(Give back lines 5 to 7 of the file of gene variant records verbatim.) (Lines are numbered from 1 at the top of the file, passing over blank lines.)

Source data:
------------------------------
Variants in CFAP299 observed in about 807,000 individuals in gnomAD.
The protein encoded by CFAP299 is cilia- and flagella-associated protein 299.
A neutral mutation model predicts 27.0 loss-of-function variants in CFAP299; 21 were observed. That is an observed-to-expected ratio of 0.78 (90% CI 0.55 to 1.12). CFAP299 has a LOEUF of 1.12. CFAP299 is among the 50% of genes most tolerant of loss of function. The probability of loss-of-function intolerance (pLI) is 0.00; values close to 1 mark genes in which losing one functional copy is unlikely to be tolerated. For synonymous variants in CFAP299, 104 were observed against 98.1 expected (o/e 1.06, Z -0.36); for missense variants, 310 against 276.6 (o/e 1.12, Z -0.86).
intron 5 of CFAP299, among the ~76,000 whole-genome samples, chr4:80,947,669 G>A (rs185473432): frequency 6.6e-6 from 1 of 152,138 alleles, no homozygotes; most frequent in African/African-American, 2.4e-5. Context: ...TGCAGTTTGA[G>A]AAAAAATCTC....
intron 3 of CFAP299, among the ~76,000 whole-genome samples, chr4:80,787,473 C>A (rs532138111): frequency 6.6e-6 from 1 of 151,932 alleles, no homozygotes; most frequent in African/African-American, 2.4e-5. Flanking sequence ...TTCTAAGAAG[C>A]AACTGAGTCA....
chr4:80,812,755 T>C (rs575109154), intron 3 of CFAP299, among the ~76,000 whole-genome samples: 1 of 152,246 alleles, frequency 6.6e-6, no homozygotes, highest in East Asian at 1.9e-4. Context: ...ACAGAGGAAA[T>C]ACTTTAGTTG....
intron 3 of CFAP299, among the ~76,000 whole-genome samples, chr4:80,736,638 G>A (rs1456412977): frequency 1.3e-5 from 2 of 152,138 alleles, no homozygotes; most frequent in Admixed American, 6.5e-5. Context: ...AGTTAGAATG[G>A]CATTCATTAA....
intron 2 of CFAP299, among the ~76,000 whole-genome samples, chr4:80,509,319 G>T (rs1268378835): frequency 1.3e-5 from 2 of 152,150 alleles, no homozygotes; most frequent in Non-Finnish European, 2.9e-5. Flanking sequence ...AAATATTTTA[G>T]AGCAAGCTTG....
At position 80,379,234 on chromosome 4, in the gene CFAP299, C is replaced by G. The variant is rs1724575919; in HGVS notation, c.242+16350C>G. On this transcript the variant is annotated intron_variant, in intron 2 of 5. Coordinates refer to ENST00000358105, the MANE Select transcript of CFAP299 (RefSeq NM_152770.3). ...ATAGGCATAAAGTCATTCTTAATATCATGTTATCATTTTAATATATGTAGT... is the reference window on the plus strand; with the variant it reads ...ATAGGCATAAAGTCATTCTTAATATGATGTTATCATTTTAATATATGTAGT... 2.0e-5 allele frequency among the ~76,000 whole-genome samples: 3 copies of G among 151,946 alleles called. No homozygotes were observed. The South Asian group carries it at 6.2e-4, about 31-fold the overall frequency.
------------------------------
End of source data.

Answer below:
intron 3 of CFAP299, among the ~76,000 whole-genome samples, chr4:80,787,473 C>A (rs532138111): frequency 6.6e-6 from 1 of 151,932 alleles, no homozygotes; most frequent in African/African-American, 2.4e-5. Flanking sequence ...TTCTAAGAAG[C>A]AACTGAGTCA....
chr4:80,812,755 T>C (rs575109154), intron 3 of CFAP299, among the ~76,000 whole-genome samples: 1 of 152,246 alleles, frequency 6.6e-6, no homozygotes, highest in East Asian at 1.9e-4. Context: ...ACAGAGGAAA[T>C]ACTTTAGTTG....
intron 3 of CFAP299, among the ~76,000 whole-genome samples, chr4:80,736,638 G>A (rs1456412977): frequency 1.3e-5 from 2 of 152,138 alleles, no homozygotes; most frequent in Admixed American, 6.5e-5. Context: ...AGTTAGAATG[G>A]CATTCATTAA....